The first week of the season is history, and so now the Nationals will begin the grind of the season – 26 games in the next 27 days after six in the past eight – looking up in the standings for the first time since May 21, in third behind the 6-1 Braves and 5-2 Mets.

The Nationals’ place in the standings, of course, means next to nothing on April 9. But what happened in the first week that portends at least some meaning for the next 157 games? Here’s a few.

1 .Dan Haren is probably still a really good pitcher. But he might not be. Allowing four homers in his first start of the year can be dismissed an aberration caused by some combination of a small park, a hellacious lineup and nine days of rest.

Last year, though, Haren allowed a career-high 1.4 homers per nine innings, one of the worst rates in the majors. In his career, Haren has been a dominant pitcher because he strikes out a ton of hitters and walks very few – his 4.06 strikeout-to-walk ration entering this season ranked seventh all-time.

On Friday, the nine swing-and-misses Haren induced offered hope, and his fastball velocity of mostly 90 and 91 mph represented an improvement over 2012. But the Reds took a lot of healthy swings and his cutter and splitter lacked crisp movement. It was not the kind of stuff you can pitch with in the strike zone and live to tell about it.

Again, that may be a one-start issue, and in a few days Haren will start closing in on the excellence he exhibited his entire career, before injury issues derailed him last season. Or it could mean Haren will have to make adjustments on the fly to a style that’s not as effective for him as it once was. I would bet on Haren until the evidence suggests otherwise, not the other way around.

2. Denard Span can get on base outside of Target Field, and he changes the Nationals outfield. Last year with the Twins, Span produced one statistical oddity – he punched up a .404 on-base percentage at home but only .278 on the road. The early signs point to those splits being fluky.

Span has drawn seven walks in six games and reached base in 12 of 27 plate appearances. He has been what the Nationals wanted at the top of their lineup. He’s seen 4.22 pitches per plate appearance, most on the team. And in the outfield, as Boz covered the other day, he allows Jayson Werth and Bryce Harper more freedom to play the hitter’s tendencies rather than covering for a slower-than-average left fielder. If Span keeps playing like he has, the Nationals will be perfectly happy.

3. Ross Detwiler is still a lefty killer. In his six innings without allowing an earned run, Detwiler had nine plate appearances against left-handed batters, facing Shin-Soo Choo, Joey Votto and Jay Bruce three times each. He allowed two hits, both singles, and hit two batters, although both HBPs seemed questionable.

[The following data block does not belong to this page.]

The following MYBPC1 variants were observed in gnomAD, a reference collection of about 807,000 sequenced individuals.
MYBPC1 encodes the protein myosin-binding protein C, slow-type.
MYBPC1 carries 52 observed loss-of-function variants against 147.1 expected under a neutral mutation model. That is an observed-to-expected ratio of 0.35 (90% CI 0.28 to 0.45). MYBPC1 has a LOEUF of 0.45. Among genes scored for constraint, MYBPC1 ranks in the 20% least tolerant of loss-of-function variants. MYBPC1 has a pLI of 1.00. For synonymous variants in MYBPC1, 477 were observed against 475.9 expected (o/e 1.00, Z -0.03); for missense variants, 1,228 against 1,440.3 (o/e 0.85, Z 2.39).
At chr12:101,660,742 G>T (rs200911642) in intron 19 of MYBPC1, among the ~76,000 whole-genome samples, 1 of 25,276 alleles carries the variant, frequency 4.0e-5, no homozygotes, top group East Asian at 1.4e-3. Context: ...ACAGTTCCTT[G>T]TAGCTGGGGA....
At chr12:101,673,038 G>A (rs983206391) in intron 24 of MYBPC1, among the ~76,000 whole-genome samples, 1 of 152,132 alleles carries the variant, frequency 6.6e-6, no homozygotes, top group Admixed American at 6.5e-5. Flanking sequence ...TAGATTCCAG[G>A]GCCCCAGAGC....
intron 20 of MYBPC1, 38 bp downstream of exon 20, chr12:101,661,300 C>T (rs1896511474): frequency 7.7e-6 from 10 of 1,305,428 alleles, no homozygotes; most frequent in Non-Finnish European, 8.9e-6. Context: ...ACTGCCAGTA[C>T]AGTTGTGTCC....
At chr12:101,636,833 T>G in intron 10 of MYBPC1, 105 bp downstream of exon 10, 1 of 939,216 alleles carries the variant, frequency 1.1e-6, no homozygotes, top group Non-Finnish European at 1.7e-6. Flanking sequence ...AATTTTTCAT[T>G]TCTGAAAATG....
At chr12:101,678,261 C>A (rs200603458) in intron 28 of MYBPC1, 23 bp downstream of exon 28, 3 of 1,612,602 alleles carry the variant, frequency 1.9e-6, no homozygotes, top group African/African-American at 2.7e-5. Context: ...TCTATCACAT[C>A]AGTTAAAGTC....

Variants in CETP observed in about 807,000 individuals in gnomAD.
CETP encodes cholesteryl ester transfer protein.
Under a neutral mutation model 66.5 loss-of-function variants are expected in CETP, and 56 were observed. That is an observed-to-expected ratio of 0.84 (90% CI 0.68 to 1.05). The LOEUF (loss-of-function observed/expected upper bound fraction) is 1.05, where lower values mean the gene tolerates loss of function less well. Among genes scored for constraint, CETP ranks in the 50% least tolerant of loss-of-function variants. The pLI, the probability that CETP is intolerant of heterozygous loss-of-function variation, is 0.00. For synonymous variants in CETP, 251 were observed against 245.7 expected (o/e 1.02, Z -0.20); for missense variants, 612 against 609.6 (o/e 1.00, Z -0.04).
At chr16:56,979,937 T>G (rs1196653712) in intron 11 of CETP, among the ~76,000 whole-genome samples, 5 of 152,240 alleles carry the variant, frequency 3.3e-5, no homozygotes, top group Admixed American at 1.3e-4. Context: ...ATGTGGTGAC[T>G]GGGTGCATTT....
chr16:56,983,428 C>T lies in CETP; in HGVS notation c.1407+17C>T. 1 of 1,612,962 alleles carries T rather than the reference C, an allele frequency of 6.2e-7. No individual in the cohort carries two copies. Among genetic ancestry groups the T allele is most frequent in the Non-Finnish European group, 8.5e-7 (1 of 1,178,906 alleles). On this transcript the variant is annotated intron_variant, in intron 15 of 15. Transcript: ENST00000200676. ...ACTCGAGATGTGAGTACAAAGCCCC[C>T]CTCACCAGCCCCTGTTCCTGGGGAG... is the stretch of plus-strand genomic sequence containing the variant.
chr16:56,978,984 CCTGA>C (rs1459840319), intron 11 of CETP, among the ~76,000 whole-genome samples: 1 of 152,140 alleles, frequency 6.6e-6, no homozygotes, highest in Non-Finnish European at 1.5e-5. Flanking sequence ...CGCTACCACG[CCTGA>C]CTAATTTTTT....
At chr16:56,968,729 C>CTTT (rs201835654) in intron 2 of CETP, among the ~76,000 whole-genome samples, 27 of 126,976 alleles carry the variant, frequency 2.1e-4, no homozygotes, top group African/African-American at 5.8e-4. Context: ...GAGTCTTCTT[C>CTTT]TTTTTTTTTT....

Point is, the Reds’ powerful trio of lefties did almost no damage against Detwiler. Last season, left-handed batters hit .170 against him. That is a useful trait in a division that includes Ryan Howard, Chase Utley, Freddie Freeman, Jason Heyward and Ike Davis. File this away, too, if the Nationals meet the Reds in October.

4. One left-hander in the bullpen isn’t a big deal. But right-handed relievers not pitching well is. Even against the lefty-heavy Reds, there was no situation where Davey Johnson was blatantly caught wishing he had a left-handed option for a batter or two. The bullpen faltered, to be sure, especially in the 7-6 victory on Saturday. Drew Storen and closer Rafael Soriano each yielded two runs, but the problem wasn’t the lack of a lefty. Storen and Soriano just needed to execute better (and, Storen’s case, Ian Desmond needed to field that groundball).

The Nationals’ bullpen has a collective 5.19 ERA. Don’t blame Tyler Clippard. He has not allowed a hit in three innings, striking out four with a walk. He has been dominant.


James Wagner takes stock of life without Michael Morse for the Nationals.


Catchers coming through

Skole to the DL

Boz chatted

Reds take Round 1


Syracuse 8, Lehigh Valley 1: Jeff Kobernus went 3 for 5 with a double and a triple and his hitting .579 for the season. He played left field. Wil Rhymes went 2 for 4 with a walk. Zach Walters went 1 for 4 with a home run. Micah Owings went 2 for 5. Daniel Rosenbaum allowed no runs on four hits and two walks, striking out two.

New Britain 9, Harrisburg 2: Brian Goodwin went 2 for 5 with a triple. Anthony Rendon went 0 for 3 with two walks. Nathan Karns allowed seven runs in 3 2/3 innings on seven hits and three walks, striking out three.

Salem 7, Potomac 6: Billy Burns went 2 for 4 with a double and is hitting .500 on the season. Caleb Ramsey went 1 for 3 with a home run. Kylin Turnbull allowed six earned runs in 4 1/3 innings on nine hits and a walk, striking out one.

Hagerstown 7, Lakewood 6: J.R. Higley went 2 for 5 with a triple. Stephen Perez went 2 for 3 with a double and two walks. Craig Manuel went 2 for 4 with a walk. Pedro Encarnacion allowed one run in five innings on three hits and two walks, striking out five.